Democrats Reflect On Year Marked By Capitol Wins
LYNDON BAINES CLINTON?
WASHINGTON — EVEN before Congress has formally adjourned for the year, the session-end spin is in full gear. And the name of the game is hyperbole.
In a Monitor breakfast with reporters Wednesday, House Speaker Tom Foley (D) of Washington started with a nod to Mark Twain. ``Somebody said about Wagner's music that it was better than it sounds,'' the speaker said. ``I think we had a better year than it appeared, at least during much of the year. This is by any assessment an extraordinarily successful first session of Congress, and an extraordinarily successful first year for a new president.''
In terms of the amount and importance of legislation passed, Mr. Foley opined that Bill Clinton may have even surpassed any year in the presidency of Lyndon Johnson, who was legendary for his ability to muscle bills through Congress, and that Mr. Clinton at least rivaled Dwight Eisenhower. (The '94 agenda, Page 2.)
``That was not what most people's impression was during the year. If anything, the stories were about alleged gridlock returning, and the president being rejected and rebuffed and so forth. Now the true picture emerges that this has been a very successful year indeed.''
Republicans have called such comparisons to President Johnson ``a joke.''
In terms of degree of difficulty, nothing could top Clinton's victory on the North American Free Trade Agreement, which passed with more Republican votes (134) than Democratic (100). Foley had suggested to the administration that it postpone the NAFTA vote in the House until after the president's Asia-Pacific economic summit in Seattle, so as not to embarrass the president at an important multinational gathering on trade.
But Clinton clicked into high gear and got the job done. Foley expressed admiration and awe for the president's ``warp-speed engagement'' to save NAFTA, but added, ``I think the president has to go back to more-normal engagement.''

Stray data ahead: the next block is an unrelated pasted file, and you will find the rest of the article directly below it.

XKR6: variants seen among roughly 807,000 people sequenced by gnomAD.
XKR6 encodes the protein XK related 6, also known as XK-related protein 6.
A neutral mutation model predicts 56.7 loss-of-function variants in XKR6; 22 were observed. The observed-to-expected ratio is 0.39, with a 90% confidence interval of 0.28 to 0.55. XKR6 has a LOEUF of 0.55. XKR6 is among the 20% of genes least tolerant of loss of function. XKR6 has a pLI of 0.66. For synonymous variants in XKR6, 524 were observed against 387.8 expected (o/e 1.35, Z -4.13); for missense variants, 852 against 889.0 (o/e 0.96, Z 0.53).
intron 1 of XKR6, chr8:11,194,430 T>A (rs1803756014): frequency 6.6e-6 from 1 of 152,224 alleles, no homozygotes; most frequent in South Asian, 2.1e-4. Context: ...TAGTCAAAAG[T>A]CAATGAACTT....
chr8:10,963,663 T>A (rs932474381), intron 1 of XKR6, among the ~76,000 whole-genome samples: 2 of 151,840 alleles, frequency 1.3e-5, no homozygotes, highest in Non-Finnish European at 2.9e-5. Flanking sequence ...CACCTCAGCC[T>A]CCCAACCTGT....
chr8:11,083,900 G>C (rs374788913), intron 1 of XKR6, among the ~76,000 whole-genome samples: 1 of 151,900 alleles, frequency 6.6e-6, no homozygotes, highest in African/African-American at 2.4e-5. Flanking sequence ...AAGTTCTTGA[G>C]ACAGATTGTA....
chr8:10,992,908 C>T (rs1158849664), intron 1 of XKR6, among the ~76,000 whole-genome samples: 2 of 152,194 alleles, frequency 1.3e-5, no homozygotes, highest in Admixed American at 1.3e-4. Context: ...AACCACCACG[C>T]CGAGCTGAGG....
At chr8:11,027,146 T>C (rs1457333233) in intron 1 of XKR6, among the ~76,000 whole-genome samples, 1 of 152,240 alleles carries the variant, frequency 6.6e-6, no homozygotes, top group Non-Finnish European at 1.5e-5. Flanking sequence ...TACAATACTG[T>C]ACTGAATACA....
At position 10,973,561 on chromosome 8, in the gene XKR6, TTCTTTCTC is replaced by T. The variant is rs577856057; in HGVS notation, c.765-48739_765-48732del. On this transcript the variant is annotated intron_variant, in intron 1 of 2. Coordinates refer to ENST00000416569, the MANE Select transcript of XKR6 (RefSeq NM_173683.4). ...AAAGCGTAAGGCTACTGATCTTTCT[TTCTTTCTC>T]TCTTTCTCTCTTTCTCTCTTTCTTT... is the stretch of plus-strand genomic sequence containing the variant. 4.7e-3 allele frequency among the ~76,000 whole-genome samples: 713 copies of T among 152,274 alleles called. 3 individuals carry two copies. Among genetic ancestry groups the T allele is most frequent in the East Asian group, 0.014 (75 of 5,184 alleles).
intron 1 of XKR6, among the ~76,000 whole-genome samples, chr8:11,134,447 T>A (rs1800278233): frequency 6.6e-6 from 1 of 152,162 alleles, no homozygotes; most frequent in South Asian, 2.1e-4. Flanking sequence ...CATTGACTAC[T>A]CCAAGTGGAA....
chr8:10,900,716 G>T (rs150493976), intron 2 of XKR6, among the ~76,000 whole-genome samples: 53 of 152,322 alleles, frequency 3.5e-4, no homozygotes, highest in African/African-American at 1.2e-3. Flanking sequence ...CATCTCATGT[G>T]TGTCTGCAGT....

``I give tremendous credit to the president for what he did on NAFTA,'' he said. ``Without his efforts, NAFTA would not (have made it). He was indispensable to its success....
``But, as they say, having said that, it required so much personal effort. There were hundreds and hundreds of hours of his time - lunches, dinners, telephone conversations, jogging....''
Other highlights of the legislative year include:
* Deficit-reduction bill. The passage of this legislation, which the Congressional Budget Office now says will reduce the deficit by $433 billion over five years (and not the approximately $500 billion the administration claimed), was noteworthy because it squeaked through by one vote, with no GOP support.
* Family-leave act. This was a holdover from the Bush years, when Congress would pass it and the president would veto it. The act requires employers of more than 50 people to grant 12 weeks of unpaid leave to employees with newborns or sick family members who need care.
* `Motor-voter' legislation. This allows people to register to vote by mail or when they apply for a driver's license.
* National service. Clinton's program would give students up to $9,450 per year toward higher education in exchange for community service.
Congress also recently extended payments to workers whose regular unemployment benefits have expired, but Foley says he expects that will be the last extension. Next year he expects legislation to provide for worker retraining, which would be a more permanent solution to the problems of the chronically unemployed.
At time of writing, the so-called Brady bill - which would require a five-day wait for the purchase of a handgun - hung in limbo as Republicans filibustered over the bill's ``sunset'' provision. Some Western Republicans are objecting to the House-Senate conference report, which called for the waiting period to be phased out after five years instead of four.